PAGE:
Last Wednesday, the Sustainable Science Communication Conference kicked off its event with a screening of “Merchants of Doubt” in UCSB’s Pollock Theater. Featuring approaches from several academic research disciples, community organizations and practitioners, this conference focuses on effective communication about environmental science and sustainability. No matter how sound the scientific data or evidence, individuals and communities will not understand the gravity of the situation or advocate for change if scientists cannot productively convey their messages and points.
But the obstacles don’t stop there. Pundits-for-hire and silver-tongued scientists with morally ambiguous ties to particular industries (e.g. big tobacco) actively work to promote controversial statements against the science threatening their respective businesses. It’s now more crucial than ever to expose these individuals and spread the truth to rally for the necessary actions before it’s too late.
Based on the 2010 book of the same name by Naomi Oreskes and Erik M. Conway, “Merchants of Doubt” gives audience members a closer look at how certain individuals can undermine such conclusive data and evidence with sly and grandiloquent words. Director Robert Kenner presents their work as a magic trick: by using sleight-of-hand techniques and smoke-and-mirror methods, these pundits and self-proclaimed scientific authorities can distract attention from the science and direct it to their own misleading statements.
The documentary features contrarian physicists such as Siegfried Fred Singer, who refers to himself as a skeptic, fiercely challenging scientific consensus in fields such as the negative effects of smoking and the existence of man-made climate change. By discrediting the science and positioning themselves as an advocate for American freedom in opposing any form of environmental regulation, Singer and other skeptics were able to gain traction and form a following.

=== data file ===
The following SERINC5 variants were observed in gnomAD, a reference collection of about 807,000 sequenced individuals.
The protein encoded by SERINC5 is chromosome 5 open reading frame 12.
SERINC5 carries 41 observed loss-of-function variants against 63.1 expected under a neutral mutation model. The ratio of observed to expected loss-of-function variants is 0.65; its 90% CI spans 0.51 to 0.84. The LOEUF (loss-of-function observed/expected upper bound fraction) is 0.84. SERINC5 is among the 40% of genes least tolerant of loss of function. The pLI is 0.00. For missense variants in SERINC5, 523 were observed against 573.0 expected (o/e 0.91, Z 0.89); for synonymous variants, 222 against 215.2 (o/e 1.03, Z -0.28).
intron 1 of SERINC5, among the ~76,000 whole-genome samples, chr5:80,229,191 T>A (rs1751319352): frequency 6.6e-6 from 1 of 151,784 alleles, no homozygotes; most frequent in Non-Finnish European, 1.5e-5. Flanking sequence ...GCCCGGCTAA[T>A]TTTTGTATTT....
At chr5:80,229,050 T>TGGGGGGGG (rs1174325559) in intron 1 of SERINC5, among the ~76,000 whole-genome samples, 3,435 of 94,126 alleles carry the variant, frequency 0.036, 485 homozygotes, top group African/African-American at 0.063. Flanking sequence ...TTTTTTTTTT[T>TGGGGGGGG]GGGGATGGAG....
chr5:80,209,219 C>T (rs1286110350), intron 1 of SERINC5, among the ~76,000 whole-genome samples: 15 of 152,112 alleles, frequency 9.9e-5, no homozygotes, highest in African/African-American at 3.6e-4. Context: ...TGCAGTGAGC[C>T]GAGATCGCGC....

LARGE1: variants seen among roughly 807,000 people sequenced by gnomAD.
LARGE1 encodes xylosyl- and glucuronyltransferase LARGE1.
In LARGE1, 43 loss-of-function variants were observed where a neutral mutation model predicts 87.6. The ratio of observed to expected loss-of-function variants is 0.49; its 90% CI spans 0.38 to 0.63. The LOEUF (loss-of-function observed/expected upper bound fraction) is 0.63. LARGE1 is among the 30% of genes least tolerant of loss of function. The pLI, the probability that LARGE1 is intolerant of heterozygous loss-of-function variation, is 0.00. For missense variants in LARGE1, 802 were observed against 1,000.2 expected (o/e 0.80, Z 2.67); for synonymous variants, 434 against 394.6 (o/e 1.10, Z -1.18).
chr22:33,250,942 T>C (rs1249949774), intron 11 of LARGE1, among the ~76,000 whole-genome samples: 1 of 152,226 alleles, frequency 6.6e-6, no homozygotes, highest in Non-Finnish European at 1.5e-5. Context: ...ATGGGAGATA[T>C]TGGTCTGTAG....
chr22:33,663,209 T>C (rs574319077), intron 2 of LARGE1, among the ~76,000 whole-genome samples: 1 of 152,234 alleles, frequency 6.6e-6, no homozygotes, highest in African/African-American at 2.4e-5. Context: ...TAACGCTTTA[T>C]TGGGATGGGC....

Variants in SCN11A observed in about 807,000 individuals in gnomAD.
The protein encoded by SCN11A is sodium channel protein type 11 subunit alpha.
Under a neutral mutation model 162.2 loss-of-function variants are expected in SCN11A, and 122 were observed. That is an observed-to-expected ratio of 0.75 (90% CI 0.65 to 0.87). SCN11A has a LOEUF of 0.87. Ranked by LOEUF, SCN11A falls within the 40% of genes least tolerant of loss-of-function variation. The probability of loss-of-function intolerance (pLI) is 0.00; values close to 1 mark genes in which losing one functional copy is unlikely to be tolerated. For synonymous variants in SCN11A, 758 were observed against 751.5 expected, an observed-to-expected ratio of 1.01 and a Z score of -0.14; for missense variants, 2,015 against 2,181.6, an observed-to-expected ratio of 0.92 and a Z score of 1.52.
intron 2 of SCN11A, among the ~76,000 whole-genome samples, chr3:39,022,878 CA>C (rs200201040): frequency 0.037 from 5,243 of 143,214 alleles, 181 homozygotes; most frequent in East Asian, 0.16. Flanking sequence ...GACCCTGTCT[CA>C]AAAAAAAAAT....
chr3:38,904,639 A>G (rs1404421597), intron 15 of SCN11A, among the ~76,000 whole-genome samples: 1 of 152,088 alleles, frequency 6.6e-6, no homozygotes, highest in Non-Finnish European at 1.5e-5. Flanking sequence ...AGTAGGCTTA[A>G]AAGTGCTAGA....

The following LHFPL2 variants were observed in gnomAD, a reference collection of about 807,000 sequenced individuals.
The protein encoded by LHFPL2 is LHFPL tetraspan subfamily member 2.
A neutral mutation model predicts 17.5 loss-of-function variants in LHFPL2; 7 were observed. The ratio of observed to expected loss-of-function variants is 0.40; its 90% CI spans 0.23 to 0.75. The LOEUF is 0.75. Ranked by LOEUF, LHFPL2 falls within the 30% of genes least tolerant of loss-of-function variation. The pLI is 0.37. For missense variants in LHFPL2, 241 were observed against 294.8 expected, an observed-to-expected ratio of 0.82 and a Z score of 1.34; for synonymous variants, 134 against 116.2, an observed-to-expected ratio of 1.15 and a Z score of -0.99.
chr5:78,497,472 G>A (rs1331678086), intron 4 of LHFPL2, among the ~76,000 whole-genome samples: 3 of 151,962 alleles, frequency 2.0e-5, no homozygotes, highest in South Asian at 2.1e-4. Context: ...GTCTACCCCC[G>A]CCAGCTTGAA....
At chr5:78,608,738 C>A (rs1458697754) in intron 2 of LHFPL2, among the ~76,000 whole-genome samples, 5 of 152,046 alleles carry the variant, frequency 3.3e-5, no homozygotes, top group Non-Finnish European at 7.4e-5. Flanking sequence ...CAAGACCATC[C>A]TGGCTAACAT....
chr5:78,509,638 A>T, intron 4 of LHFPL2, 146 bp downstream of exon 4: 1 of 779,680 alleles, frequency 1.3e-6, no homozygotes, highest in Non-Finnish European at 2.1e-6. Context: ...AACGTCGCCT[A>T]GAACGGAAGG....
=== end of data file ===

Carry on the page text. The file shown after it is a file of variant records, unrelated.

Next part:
As audience for the skeptics grew, the public cast doubt on previously unquestionable lab work and even threatened physical harm on the ousted “mainstream” scientists. When several climate scientists had their emails posted on Climate Depot, a website promoting the debunking of anthropogenic climate change, they received a surge of hate mail detailing death threats and the invalidity of their work. Marc Morano, founder of Climate Depot and publisher of said emails, defends his actions by explaining his goal of having the scientists hear what the public really thinks.
Despite the backlash and resistance, “Merchants of Doubt” ends on an optimistic note with shots of wind turbines and solar panels to urge investment in these types of clean energy along with narration encouraging viewers to stay hopeful and faithful to science. We may not have much time but it is not too late to save planet Earth.
After the screening, Rupert E. Rice of the dept. of communication at UCSB sat down with Jennifer Ouellette, novelist and blogger for Scientific American, and Conway, co-author of the Merchants of Doubt book, to engage audience members in a discussion about science communication to the public and across a variety of disciplines.
One of the problems in making a coherent argument is, Ouellette argues, that scientists often get too bogged in their details. So her job as a writer is to help focus the data to a central message and, not only does she condense it to the main points, she tries to relate it to a real world example such as connecting a parabolic equation with a Disneyland freefall ride.
“People don’t really respond to abstract, academic, intellectual arguments,” Ouellette said. “They respond with their heart … Win their hearts and their heads will follow.”
But with so many critics and skeptics lashing at the scientists, how should scientists respond and convince the public that change needs to happen? While Conway understands that he can’t reach everyone, he is hopeful that the book and film will at least find life in the next generation, especially at universities and colleges.
“I want to educate the people who are still educable,” Conway said, “and that means trying to figure out how to reach them with a message that takes the science seriously and gets people to understand what the consequences are of continuing to either misunderstand or not take seriously what those scientific messages are.”
To truly overcome the resentment and resistance, people need to look past the smoke and mirrors and become skeptics to the skeptics. Citizens normally don’t have time to analyze every issue, which makes the lies easier to believe. But at some point, we need to choose the statements to trust and we need to choose wisely. Where is the evidence? Is there a conflict of interest? What is this person’s approach to the issue?
“After a while … you get a sense for the kind of rhetoric and tricks that are employed and you can spot them,” Ouellette said.
It may take years to develop, but once you spot the trick, the curtains are lifted and you are closer than ever before to the truth.